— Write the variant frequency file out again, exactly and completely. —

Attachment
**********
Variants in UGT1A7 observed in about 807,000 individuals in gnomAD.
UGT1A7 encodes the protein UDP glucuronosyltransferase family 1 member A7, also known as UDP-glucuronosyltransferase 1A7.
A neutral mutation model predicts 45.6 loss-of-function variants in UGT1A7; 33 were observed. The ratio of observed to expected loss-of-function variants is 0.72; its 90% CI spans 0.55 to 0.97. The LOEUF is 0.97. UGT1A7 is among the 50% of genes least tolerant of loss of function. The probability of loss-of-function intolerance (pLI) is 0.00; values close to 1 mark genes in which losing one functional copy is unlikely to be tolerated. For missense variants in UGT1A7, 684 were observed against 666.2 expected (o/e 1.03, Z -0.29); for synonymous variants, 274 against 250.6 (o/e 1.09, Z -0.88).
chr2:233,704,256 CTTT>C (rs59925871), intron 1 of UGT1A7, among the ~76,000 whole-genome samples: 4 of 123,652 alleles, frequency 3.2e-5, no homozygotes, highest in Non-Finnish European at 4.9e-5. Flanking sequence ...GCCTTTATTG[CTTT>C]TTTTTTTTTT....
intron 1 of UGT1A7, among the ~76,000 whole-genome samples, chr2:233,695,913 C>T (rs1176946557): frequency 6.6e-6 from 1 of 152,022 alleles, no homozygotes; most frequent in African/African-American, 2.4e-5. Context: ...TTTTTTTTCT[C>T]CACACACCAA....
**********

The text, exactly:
Variants in UGT1A7 observed in about 807,000 individuals in gnomAD.
UGT1A7 encodes the protein UDP glucuronosyltransferase family 1 member A7, also known as UDP-glucuronosyltransferase 1A7.
A neutral mutation model predicts 45.6 loss-of-function variants in UGT1A7; 33 were observed. The ratio of observed to expected loss-of-function variants is 0.72; its 90% CI spans 0.55 to 0.97. The LOEUF is 0.97. UGT1A7 is among the 50% of genes least tolerant of loss of function. The probability of loss-of-function intolerance (pLI) is 0.00; values close to 1 mark genes in which losing one functional copy is unlikely to be tolerated. For missense variants in UGT1A7, 684 were observed against 666.2 expected (o/e 1.03, Z -0.29); for synonymous variants, 274 against 250.6 (o/e 1.09, Z -0.88).
chr2:233,704,256 CTTT>C (rs59925871), intron 1 of UGT1A7, among the ~76,000 whole-genome samples: 4 of 123,652 alleles, frequency 3.2e-5, no homozygotes, highest in Non-Finnish European at 4.9e-5. Flanking sequence ...GCCTTTATTG[CTTT>C]TTTTTTTTTT....
intron 1 of UGT1A7, among the ~76,000 whole-genome samples, chr2:233,695,913 C>T (rs1176946557): frequency 6.6e-6 from 1 of 152,022 alleles, no homozygotes; most frequent in African/African-American, 2.4e-5. Context: ...TTTTTTTTCT[C>T]CACACACCAA....